BACKGROUND: The Gambia introduced seven-valent pneumococcal conjugate vaccine (PCV7) in August 2009, followed by PCV13 in May, 2011, using a schedule of three primary doses without a booster dose or catch-up immunisation. We aimed to assess the long-term impact of PCV on disease incidence. METHODS: We did 10 years of population-based surveillance for invasive pneumococcal disease (IPD) and WHO defined radiological pneumonia with consolidation in rural Gambia. The surveillance population included all Basse Health and Demographic Surveillance System residents aged 2 months or older. Nurses screened all outpatients and inpatients at all health facilities using standardised criteria for referral. Clinicians then applied criteria for patient investigation. We defined IPD as a compatible illness with isolation of Streptococcus pneumoniae from a normally sterile site (cerebrospinal fluid, blood, or pleural fluid). We compared disease incidence between baseline (May 12, 2008-May 11, 2010) and post-vaccine years (2016-2017), in children aged 2 months to 14 years, adjusting for changes in case ascertainment over time. FINDINGS: We identified 22 728 patients for investigation and detected 342 cases of IPD and 2623 cases of radiological pneumonia. Among children aged 2-59 months, IPD incidence declined from 184 cases per 100 000 person-years to 38 cases per 100 000 person-years, an 80% reduction (95% CI 69-87). Non-pneumococcal bacteraemia incidence did not change significantly over time (incidence rate ratio 0·88; 95% CI, 0·64-1·21). We detected zero cases of vaccine-type IPD in the 2-11 month age group in 2016-17. Incidence of radiological pneumonia decreased by 33% (95% CI 24-40), from 10·5 to 7·0 per 1000 person-years in the 2-59 month age group, while pneumonia hospitalisations declined by 27% (95% CI 22-31). In the 5-14 year age group, IPD incidence declined by 69% (95% CI -28 to 91) and radiological pneumonia by 27% (95% CI -5 to 49). INTERPRETATION: Routine introduction of PCV13 substantially reduced the incidence of childhood IPD and pneumonia in rural Gambia, including elimination of vaccine-type IPD in infants. Other low-income countries can expect substantial impact from the introduction of PCV13 using a schedule of three primary doses. FUNDING: Gavi, The Vaccine Alliance; Bill & Melinda Gates Foundation; UK Medical Research Council; Pfizer Ltd.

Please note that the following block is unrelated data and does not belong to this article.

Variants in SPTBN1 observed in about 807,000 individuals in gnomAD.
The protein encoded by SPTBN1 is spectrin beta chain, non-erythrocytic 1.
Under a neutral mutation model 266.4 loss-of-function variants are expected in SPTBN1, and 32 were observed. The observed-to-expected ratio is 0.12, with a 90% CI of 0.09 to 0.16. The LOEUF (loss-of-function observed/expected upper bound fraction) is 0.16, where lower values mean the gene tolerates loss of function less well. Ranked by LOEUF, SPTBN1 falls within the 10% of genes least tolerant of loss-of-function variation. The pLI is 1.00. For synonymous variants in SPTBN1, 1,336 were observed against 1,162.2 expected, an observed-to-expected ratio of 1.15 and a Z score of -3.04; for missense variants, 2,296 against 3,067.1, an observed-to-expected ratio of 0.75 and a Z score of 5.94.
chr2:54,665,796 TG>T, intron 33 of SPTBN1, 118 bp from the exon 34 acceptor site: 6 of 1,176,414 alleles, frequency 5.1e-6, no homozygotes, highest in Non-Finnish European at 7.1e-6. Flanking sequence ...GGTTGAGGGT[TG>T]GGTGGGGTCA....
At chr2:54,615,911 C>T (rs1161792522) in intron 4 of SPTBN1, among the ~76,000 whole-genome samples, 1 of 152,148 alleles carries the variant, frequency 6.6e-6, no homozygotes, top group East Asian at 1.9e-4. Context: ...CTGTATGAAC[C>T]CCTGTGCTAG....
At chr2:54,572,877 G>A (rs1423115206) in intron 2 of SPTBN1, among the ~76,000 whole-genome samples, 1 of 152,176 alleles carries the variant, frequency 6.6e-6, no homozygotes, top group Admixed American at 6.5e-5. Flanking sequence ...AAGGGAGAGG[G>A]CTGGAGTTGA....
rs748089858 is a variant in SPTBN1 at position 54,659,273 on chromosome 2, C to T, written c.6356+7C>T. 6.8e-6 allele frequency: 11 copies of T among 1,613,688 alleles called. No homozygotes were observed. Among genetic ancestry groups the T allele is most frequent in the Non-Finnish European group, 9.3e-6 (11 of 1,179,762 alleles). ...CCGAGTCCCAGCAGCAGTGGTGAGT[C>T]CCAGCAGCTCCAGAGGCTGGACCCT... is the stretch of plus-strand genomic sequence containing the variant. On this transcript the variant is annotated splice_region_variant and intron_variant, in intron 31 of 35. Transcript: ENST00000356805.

Assuntos